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Monday, December 1, 2014

4 Steps To Dealing With Nightmare Clients

Nightmare Client image
It's a truth of life that we all serve somebody. Even if you're a superstar artist, you still find yourself working for "the man" in some capacity when working with labels, promoters, and the IRS. Being a label head is a glorious position, but you still work for the board of directors. That's why it's good to get into the headspace of always having to serve somebody, and when necessary, dealing with those that are particularly hard to service.

Since most musicians, artists, bands, songwriters and people in the music business in general are independent contractors, we all get the occasional nightmare client. Here are some tips for dealing with them and mitigating the aggravation.

1. Set the ground rules at the outset of the project.
The best way to stop a nightmare before it starts is to establish what the client's expectations are before you even begin. If you're mixing, state up front that there's only 1 free revision (or whatever number you choose) and that you get paid for each additional. If you're getting hired to play a gig, state up front the number of free rehearsals that you're willing to do. If you're getting paid by the song, define exactly when the time spent begins and ends so you don't end up doing a dozen different versions. Most problems can be avoided by just establishing these kinds of ground rules first.

2. Really listen to the concerns and complaints.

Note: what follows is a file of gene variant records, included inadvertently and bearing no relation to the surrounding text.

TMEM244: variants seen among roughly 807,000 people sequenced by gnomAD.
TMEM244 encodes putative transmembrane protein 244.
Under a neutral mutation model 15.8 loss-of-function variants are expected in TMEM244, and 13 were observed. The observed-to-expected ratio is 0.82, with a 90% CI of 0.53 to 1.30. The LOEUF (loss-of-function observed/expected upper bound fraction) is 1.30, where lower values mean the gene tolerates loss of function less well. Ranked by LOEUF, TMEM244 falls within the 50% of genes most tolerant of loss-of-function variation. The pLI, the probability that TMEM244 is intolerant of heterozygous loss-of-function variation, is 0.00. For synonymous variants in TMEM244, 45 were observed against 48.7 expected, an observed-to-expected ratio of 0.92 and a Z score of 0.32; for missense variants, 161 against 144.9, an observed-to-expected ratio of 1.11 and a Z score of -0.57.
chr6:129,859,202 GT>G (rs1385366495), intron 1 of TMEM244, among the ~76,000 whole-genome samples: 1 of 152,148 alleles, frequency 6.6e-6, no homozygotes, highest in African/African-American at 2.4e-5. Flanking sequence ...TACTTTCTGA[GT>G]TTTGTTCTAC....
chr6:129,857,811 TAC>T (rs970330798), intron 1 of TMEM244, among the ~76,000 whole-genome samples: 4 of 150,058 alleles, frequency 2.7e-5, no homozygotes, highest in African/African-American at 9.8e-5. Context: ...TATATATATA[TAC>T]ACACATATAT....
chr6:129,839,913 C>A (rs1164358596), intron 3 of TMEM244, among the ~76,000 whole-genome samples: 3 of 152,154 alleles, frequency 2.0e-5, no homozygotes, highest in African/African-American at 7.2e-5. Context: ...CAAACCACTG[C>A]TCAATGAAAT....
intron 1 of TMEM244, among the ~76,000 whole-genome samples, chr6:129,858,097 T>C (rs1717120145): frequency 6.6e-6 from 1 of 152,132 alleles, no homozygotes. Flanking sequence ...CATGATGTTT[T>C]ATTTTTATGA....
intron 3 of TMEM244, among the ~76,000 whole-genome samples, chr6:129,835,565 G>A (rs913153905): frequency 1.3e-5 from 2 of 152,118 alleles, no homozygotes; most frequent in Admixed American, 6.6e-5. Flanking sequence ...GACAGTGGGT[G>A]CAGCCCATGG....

Sometimes the problem comes from being defensive about your work rather than listening to the actual complaint that the client has. Many times a client just wants to vent, or is really asking for help, but we overlook the real source of the complaint by focusing in on the wrong thing. Listen before you speak and then really dig to find out what the major concern is. It may not be about you at all.

3. Help find a solution.
Once you get any tempers that have flared to cool down, look for a solution together. This might require some flexibility on your part, but a pro is more than willing to do that. After all, when it comes to music, the client (the one hiring you) and his/her project comes first. You're just there to facilitate their vision.

4. Be prepared to fire the client.
We've all run into people who become totally unreasonable about their expectations for you or their project. Once it goes beyond the point where you're comfortable working with the person, you have only two choices - grin and bear it until it's over, or fire the client. You can quit in a huff and burn a bridge, but the better way is to just say, "I'm not able to deliver what you want or need right now, so I'm very sorry, but I'm not the person for the job." The cooler you stay under an uncomfortable circumstance, the better you'll end up looking to everyone else in the project, which might eventually get you another gig down the line.

We all work for someone in this business, and you want to be ab;e to work for that person again in the future. Keeping any problems to a minimum is essential for that to happen.
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